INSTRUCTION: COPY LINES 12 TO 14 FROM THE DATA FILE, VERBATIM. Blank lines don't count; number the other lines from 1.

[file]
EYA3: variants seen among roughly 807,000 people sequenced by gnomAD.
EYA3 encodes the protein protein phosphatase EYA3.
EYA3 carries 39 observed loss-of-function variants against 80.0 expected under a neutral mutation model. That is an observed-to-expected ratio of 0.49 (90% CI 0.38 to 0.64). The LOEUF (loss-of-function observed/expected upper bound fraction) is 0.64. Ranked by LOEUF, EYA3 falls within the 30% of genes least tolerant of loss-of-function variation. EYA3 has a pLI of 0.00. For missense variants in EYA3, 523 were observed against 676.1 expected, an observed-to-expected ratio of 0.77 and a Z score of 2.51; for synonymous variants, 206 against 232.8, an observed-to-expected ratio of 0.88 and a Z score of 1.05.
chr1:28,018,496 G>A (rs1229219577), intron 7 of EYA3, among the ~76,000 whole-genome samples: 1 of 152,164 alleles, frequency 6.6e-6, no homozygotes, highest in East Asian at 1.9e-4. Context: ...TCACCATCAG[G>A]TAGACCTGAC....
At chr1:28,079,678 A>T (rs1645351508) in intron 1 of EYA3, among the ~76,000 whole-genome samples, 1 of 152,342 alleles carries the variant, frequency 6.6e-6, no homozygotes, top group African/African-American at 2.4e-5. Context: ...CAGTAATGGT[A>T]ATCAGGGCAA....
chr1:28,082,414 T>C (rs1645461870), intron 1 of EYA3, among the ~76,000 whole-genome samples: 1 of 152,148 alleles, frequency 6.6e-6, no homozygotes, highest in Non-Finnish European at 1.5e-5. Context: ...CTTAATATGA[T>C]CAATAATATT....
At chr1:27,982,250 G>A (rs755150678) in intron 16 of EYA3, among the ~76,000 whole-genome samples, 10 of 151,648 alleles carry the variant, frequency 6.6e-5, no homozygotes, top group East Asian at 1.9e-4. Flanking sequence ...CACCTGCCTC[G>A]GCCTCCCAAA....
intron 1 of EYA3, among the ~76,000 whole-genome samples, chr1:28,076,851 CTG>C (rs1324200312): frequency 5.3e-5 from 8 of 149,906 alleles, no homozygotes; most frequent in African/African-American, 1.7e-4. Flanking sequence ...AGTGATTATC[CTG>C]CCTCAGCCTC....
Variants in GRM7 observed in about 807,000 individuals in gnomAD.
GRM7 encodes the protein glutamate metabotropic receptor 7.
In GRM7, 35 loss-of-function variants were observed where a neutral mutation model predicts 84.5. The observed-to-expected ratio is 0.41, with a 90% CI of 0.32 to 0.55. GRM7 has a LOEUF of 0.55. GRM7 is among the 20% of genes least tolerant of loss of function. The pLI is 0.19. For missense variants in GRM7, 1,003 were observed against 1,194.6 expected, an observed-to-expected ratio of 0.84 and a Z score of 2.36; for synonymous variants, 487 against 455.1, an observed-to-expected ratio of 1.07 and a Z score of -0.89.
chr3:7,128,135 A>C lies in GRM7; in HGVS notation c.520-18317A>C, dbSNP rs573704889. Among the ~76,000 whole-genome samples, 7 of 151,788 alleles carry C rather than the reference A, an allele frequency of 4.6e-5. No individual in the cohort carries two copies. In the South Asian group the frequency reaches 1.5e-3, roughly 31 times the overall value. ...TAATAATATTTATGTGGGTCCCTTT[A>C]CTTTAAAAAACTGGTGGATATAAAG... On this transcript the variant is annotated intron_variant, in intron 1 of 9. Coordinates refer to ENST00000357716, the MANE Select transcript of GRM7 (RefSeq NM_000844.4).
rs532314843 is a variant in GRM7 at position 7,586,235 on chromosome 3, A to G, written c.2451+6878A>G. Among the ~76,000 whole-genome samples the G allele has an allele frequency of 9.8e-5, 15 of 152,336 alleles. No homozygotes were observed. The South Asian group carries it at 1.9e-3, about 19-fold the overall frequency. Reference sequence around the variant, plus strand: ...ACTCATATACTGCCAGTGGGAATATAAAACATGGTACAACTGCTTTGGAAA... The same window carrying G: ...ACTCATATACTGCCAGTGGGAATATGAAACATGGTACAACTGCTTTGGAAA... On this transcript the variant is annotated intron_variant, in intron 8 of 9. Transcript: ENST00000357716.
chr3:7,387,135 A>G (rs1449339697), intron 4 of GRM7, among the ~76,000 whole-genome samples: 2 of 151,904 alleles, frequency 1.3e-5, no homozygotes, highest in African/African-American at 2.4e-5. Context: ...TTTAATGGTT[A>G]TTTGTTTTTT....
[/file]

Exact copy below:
chr3:7,128,135 A>C lies in GRM7; in HGVS notation c.520-18317A>C, dbSNP rs573704889. Among the ~76,000 whole-genome samples, 7 of 151,788 alleles carry C rather than the reference A, an allele frequency of 4.6e-5. No individual in the cohort carries two copies. In the South Asian group the frequency reaches 1.5e-3, roughly 31 times the overall value. ...TAATAATATTTATGTGGGTCCCTTT[A>C]CTTTAAAAAACTGGTGGATATAAAG... On this transcript the variant is annotated intron_variant, in intron 1 of 9. Coordinates refer to ENST00000357716, the MANE Select transcript of GRM7 (RefSeq NM_000844.4).
rs532314843 is a variant in GRM7 at position 7,586,235 on chromosome 3, A to G, written c.2451+6878A>G. Among the ~76,000 whole-genome samples the G allele has an allele frequency of 9.8e-5, 15 of 152,336 alleles. No homozygotes were observed. The South Asian group carries it at 1.9e-3, about 19-fold the overall frequency. Reference sequence around the variant, plus strand: ...ACTCATATACTGCCAGTGGGAATATAAAACATGGTACAACTGCTTTGGAAA... The same window carrying G: ...ACTCATATACTGCCAGTGGGAATATGAAACATGGTACAACTGCTTTGGAAA... On this transcript the variant is annotated intron_variant, in intron 8 of 9. Transcript: ENST00000357716.
chr3:7,387,135 A>G (rs1449339697), intron 4 of GRM7, among the ~76,000 whole-genome samples: 2 of 151,904 alleles, frequency 1.3e-5, no homozygotes, highest in African/African-American at 2.4e-5. Context: ...TTTAATGGTT[A>G]TTTGTTTTTT....